Methodological consensus on clinical proton MRS of the brain: review and recommendations

Research output: Contribution to journalReview article

Authors

  • Ovidiu Andronesi
  • Peter B. Barker
  • Robert Bartha
  • Alberto Bizzi
  • Patrick J. Bolan
  • Kevin M. Brindle
  • In‐young Choi
  • Cristina Cudalbu
  • Ulrike Dydak
  • Uzay E. Emir
  • Ramon G. Gonzalez
  • Stephan Gruber
  • Rolf Gruetter
  • Rakesh K. Gupta
  • Arend Heerschap
  • Anke Henning
  • Hoby P. Hetherington
  • Petra S. Huppi
  • Ralph E. Hurd
  • Kejal Kantarci
  • Risto A Kauppinen
  • Dennis W. J. Klomp
  • Roland Kreis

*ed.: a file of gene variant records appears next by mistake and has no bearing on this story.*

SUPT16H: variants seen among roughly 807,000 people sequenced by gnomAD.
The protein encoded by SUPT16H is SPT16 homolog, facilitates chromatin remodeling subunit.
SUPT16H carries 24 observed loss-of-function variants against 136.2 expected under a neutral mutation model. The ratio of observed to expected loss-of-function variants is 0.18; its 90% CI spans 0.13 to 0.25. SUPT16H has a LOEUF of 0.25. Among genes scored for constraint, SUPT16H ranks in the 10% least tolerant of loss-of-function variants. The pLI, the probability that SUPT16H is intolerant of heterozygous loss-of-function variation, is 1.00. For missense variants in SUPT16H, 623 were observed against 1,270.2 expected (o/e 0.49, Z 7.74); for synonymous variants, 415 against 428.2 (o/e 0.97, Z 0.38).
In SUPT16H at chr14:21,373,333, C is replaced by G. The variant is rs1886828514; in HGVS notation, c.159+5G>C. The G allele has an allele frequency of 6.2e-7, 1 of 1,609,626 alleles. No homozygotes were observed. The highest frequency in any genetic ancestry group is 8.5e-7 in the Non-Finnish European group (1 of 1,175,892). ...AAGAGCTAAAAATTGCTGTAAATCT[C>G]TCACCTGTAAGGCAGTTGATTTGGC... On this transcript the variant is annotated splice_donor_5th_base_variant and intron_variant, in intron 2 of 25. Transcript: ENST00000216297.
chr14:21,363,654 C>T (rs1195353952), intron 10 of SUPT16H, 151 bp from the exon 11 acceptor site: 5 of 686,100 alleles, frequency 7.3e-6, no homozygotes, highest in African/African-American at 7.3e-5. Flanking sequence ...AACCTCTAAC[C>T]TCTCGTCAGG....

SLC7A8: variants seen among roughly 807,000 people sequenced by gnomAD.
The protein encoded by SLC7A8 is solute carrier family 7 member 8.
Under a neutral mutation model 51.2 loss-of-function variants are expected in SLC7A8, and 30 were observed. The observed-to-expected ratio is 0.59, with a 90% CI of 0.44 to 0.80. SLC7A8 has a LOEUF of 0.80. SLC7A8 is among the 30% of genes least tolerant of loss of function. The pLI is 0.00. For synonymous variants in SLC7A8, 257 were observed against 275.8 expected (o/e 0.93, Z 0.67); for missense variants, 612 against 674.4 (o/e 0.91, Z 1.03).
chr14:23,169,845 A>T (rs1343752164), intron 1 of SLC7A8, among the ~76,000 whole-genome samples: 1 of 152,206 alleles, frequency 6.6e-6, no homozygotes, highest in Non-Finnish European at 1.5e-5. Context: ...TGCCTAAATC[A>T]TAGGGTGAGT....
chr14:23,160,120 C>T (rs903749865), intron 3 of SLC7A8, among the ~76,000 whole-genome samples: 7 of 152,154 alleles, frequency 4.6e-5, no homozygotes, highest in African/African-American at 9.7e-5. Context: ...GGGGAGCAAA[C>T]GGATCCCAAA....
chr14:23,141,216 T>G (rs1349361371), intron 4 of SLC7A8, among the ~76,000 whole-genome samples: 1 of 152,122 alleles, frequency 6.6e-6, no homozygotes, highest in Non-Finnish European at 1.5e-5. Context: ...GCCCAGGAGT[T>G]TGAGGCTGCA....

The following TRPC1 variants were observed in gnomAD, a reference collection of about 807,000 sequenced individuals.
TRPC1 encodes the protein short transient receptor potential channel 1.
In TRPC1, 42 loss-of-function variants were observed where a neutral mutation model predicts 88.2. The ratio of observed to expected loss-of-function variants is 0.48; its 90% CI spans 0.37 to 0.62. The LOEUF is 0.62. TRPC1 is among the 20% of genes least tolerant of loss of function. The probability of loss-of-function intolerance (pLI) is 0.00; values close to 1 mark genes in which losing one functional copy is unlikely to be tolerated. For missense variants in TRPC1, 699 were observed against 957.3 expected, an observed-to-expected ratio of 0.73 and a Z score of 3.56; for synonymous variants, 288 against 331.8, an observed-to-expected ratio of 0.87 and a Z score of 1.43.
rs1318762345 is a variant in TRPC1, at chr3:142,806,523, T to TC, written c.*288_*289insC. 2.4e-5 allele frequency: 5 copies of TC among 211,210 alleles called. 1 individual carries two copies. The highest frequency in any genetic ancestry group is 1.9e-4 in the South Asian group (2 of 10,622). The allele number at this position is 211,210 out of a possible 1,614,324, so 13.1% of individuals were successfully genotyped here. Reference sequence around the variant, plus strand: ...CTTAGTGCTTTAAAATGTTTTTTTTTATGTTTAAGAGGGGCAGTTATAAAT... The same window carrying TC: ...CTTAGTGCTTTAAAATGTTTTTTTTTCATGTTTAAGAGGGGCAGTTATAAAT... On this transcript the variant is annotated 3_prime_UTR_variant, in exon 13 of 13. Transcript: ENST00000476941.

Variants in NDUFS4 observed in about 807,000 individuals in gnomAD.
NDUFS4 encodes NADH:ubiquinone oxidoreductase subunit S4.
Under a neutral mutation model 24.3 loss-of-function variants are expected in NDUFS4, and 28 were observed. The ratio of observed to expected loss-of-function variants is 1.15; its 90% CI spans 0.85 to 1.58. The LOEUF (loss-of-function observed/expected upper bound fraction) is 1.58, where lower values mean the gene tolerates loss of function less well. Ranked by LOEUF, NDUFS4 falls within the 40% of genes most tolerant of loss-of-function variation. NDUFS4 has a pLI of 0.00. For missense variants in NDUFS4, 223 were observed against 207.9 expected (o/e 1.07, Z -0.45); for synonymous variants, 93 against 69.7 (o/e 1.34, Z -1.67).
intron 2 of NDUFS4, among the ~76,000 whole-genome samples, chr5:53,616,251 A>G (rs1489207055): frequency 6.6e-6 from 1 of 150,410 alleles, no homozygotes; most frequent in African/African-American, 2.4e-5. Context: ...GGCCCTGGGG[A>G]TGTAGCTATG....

• Marijn J. Kruiskamp
  • Martin O. Leach
  • Alexander P. Lin
  • Peter R. Luijten
  • Małgorzata Marjańska
  • Andrew A. Maudsley
  • Dieter J. Meyerhoff
  • Carolyn E. Mountford
  • Paul G. Mullins
  • James B. Murdoch
  • Sarah J. Nelson
  • Ralph Noeske
  • Gülin Öz
  • Julie W. Pan
  • Harish Poptani
  • Stefan Posse
  • Eva‐maria Ratai
  • Nouha Salibi
  • Tom W. J. Scheenen
  • Ian C. P. Smith
  • Brian J. Soher
  • Ivan Tkáč
  • Daniel B. Vigneron
  • Franklyn A. Howe

External organisations

  • Martinos Center for Biomedical Imaging, Department of Radiology Massachusetts General Hospital, Harvard Medical School Boston Massachusetts
  • Department of Radiology Johns Hopkins University School of Medicine Baltimore Maryland
  • Department of Psychiatry & Robarts Research Institute, University of Western Ontario, London, Ontario, Canada; lpalaniy@uwo.ca.
  • U.O. Neuroradiologia, Fondazione IRCCS Istituto Neurologico Carlo Besta Milano Italy
  • Department of Radiology, Center for Magnetic Resonance Research University of Minnesota Minneapolis Minnesota